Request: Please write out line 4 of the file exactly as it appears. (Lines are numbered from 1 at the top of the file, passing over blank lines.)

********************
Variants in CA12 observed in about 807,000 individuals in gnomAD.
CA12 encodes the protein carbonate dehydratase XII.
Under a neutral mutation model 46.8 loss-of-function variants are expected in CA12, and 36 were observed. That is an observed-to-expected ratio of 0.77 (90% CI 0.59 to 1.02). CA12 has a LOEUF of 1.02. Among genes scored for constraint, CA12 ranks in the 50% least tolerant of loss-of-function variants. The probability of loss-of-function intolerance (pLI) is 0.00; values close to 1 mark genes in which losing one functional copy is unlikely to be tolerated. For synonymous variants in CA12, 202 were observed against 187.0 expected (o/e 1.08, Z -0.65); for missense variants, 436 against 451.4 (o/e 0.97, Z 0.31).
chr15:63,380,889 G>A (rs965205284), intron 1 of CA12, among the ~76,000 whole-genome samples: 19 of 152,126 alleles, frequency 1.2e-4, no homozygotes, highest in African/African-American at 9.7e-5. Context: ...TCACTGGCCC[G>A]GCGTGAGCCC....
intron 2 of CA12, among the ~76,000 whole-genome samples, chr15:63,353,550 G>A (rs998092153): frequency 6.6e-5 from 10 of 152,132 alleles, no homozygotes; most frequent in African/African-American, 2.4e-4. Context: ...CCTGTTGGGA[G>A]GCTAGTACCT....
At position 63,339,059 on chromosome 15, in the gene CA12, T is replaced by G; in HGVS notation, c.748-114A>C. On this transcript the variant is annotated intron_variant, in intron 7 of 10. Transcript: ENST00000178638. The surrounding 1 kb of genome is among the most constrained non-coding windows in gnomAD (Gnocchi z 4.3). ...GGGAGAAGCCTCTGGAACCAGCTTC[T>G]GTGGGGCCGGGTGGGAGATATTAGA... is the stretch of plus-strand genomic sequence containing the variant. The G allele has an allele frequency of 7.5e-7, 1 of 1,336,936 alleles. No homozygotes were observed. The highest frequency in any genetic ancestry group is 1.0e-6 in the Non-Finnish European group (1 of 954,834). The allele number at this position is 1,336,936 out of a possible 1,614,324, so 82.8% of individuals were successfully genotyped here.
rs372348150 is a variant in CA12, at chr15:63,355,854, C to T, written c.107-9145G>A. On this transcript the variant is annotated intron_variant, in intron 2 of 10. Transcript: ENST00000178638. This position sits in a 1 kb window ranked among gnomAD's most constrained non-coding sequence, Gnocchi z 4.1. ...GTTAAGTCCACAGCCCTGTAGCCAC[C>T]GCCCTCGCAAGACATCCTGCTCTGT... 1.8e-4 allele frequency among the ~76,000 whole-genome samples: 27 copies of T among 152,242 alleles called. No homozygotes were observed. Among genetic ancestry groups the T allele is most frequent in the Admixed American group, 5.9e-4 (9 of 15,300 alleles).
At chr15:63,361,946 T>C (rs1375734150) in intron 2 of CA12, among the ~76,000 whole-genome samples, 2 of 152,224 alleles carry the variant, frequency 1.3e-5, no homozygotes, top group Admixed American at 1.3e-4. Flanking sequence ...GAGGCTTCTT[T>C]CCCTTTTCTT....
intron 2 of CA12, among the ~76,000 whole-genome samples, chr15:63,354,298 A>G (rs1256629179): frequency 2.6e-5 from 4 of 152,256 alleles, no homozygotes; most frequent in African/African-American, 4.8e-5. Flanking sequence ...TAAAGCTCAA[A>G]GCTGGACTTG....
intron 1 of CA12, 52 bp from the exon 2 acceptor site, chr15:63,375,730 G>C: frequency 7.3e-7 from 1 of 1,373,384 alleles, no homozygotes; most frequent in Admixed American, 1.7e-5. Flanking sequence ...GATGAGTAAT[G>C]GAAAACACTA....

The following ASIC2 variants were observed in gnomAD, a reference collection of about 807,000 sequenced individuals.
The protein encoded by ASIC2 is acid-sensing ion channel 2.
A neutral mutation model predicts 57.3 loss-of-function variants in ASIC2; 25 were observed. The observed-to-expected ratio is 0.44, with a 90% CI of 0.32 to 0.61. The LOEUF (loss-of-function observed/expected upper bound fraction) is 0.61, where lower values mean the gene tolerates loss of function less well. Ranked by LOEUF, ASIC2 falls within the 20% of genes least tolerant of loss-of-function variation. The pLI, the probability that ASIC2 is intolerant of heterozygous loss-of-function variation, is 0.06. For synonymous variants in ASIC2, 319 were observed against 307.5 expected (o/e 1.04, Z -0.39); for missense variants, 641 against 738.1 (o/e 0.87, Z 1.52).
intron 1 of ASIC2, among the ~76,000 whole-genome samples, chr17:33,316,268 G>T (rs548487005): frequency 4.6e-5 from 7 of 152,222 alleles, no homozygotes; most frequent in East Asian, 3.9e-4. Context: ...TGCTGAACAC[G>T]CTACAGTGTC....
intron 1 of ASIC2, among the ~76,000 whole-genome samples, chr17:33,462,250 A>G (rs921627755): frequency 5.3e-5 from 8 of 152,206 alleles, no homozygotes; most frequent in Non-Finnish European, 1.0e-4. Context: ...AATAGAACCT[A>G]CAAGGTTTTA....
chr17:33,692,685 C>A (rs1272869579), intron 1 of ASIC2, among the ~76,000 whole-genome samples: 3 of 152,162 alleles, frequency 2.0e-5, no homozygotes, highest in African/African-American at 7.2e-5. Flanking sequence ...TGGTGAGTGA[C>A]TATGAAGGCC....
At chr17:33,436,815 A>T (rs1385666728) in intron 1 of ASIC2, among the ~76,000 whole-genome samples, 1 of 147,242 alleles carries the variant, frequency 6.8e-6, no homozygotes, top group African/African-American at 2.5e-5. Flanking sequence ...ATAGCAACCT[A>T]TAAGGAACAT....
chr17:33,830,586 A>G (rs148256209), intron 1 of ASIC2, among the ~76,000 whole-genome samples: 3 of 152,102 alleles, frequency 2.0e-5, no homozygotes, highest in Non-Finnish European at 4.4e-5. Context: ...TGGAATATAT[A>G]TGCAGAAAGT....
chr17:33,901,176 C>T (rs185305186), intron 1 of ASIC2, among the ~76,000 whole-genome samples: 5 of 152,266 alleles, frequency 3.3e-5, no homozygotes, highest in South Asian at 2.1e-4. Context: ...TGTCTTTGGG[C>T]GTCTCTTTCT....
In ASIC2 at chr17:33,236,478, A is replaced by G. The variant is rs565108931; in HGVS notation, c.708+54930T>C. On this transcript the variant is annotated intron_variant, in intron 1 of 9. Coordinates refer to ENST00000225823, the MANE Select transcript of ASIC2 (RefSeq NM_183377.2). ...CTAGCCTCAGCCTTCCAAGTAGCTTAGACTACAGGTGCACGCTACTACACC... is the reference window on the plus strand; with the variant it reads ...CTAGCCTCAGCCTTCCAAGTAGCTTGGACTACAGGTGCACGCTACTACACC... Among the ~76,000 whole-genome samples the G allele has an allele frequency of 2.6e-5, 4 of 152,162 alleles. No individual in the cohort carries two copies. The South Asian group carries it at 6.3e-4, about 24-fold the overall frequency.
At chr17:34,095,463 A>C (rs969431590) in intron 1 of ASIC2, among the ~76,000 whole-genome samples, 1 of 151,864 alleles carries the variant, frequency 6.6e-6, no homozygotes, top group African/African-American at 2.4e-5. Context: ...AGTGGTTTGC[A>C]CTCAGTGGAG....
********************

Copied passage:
chr15:63,380,889 G>A (rs965205284), intron 1 of CA12, among the ~76,000 whole-genome samples: 19 of 152,126 alleles, frequency 1.2e-4, no homozygotes, highest in African/African-American at 9.7e-5. Context: ...TCACTGGCCC[G>A]GCGTGAGCCC....